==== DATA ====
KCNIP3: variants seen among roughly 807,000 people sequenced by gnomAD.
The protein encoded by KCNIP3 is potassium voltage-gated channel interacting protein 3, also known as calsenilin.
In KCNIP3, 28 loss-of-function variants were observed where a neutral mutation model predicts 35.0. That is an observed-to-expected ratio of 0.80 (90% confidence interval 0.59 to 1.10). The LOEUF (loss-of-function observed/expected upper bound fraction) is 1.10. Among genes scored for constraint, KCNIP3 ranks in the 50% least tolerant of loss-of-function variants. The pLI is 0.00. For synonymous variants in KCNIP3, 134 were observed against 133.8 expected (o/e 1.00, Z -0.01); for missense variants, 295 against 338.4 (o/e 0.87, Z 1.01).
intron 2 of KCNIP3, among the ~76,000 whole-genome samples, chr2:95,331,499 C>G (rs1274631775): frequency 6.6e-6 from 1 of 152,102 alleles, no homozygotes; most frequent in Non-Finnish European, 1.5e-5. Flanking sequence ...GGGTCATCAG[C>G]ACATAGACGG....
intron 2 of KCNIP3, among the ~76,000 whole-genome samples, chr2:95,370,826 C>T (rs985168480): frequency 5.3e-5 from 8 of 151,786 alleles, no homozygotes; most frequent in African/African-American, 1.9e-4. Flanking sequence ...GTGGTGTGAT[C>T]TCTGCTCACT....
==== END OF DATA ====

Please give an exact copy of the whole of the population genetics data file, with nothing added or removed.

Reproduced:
KCNIP3: variants seen among roughly 807,000 people sequenced by gnomAD.
The protein encoded by KCNIP3 is potassium voltage-gated channel interacting protein 3, also known as calsenilin.
In KCNIP3, 28 loss-of-function variants were observed where a neutral mutation model predicts 35.0. That is an observed-to-expected ratio of 0.80 (90% confidence interval 0.59 to 1.10). The LOEUF (loss-of-function observed/expected upper bound fraction) is 1.10. Among genes scored for constraint, KCNIP3 ranks in the 50% least tolerant of loss-of-function variants. The pLI is 0.00. For synonymous variants in KCNIP3, 134 were observed against 133.8 expected (o/e 1.00, Z -0.01); for missense variants, 295 against 338.4 (o/e 0.87, Z 1.01).
intron 2 of KCNIP3, among the ~76,000 whole-genome samples, chr2:95,331,499 C>G (rs1274631775): frequency 6.6e-6 from 1 of 152,102 alleles, no homozygotes; most frequent in Non-Finnish European, 1.5e-5. Flanking sequence ...GGGTCATCAG[C>G]ACATAGACGG....
intron 2 of KCNIP3, among the ~76,000 whole-genome samples, chr2:95,370,826 C>T (rs985168480): frequency 5.3e-5 from 8 of 151,786 alleles, no homozygotes; most frequent in African/African-American, 1.9e-4. Flanking sequence ...GTGGTGTGAT[C>T]TCTGCTCACT....